But in the 60s, when I'm a child, SMA is undiagnosable and, perhaps consequently, considered extremely rare by those who have heard of it at all.
So I'm at first diagnosed with many other conditions. Spina bifida. Brain damage. Mental retardation. That last one invariably coaxes a chuckle from my dad later, in the retelling: "Those doctors were mentally retarded!" In my cerebral family, God forbid you should make fun of the physically handicapped—and don't dare say "cripple"—but the mentally retarded are fair game.
One thing all the doctors and sundry experts agree upon, however, in the early-60s: I'm a "floppy baby." I have what's called "floppy-baby syndrome." It's still a recognized pathology in medical dictionaries. I lack muscle tone. A more scientific-sounding word for lacking muscle tone is "amyotonia," and that's what becomes my first official diagnosis. I learn to say "amyotonia" before I can add two and two. For me, it's a way of understanding my body—a plausible answer for the strangers who point at me and ask, "What's wrong with him?"
Or more accurately, "What's wrong with her?" The blond curls and long eyelashes I sport in those days apparently emasculate me. Never "What's wrong with you?" Till I'm at least seven I'm considered not competent to answer such a question.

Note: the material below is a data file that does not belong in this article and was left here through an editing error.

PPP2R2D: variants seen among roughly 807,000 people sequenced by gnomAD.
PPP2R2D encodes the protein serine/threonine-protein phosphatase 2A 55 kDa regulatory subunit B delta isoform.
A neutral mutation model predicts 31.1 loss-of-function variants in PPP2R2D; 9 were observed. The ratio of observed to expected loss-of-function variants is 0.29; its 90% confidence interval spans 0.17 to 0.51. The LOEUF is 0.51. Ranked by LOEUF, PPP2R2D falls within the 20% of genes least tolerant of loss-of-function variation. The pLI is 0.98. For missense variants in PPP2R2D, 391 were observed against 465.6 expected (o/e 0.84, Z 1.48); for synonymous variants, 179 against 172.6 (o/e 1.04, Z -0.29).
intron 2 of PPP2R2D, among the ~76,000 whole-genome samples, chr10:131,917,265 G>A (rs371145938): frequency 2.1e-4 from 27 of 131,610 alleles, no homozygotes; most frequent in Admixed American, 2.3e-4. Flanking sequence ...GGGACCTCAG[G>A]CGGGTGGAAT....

Nothing is wrong with me! I just have amyotonia, I think to myself. My typical spoken answer, once I'm old enough and courageous enough to speak up: "I can't walk. I was born this way." It seems simpler and sufficient.
I never walk or stand. On my own, that is. When I'm four my doctors prescribe a battery of physical therapy; as part of it I'm fitted with heavy, metal leg braces. The braces lock me into a statue-straight posture. I'm then placed in a large wooden box, which supports my standing frame. I do this for an hour, three times a week ... to aid circulation and overall well-being, or something. Honestly, it must have been thought up by an able-bodied fitness nut! It's the closest a modern American child can come to foot binding—yet it's still recommended for many kids in wheelchairs! Luckily for me, the standing therapy is rescinded in a matter of months, when it's determined to have no value. Nevertheless, other physical-therapy exercises continue.
In nearly every other aspect I'm a healthy and happy kid. Yet every time I catch a cold I'm at high risk for pneumonia. I can't cough with sufficient force to clear mucus from my lungs. Regardless, from an early age I refuse to think of myself as fragile. Sure, I'm floppy and do bump my head a lot, but I always bounce back. I'm tough, resilient. I'm a survivor. The labors of my disability strengthen my character.
Other remedies are offered from time to time by physicians, therapists and outspoken streetcorner healers: Massive doses of vitamin E. Transplants of sheep blood. And, of course, acceptance of Jesus Christ as my savior. For the most part my parents resolutely favor modern medical science, but in those days even the legit experts come up abashedly empty-handed. For one thing, my symptoms keep defying expectations.
Specifically, I don't die.
[Coming next: my brother...]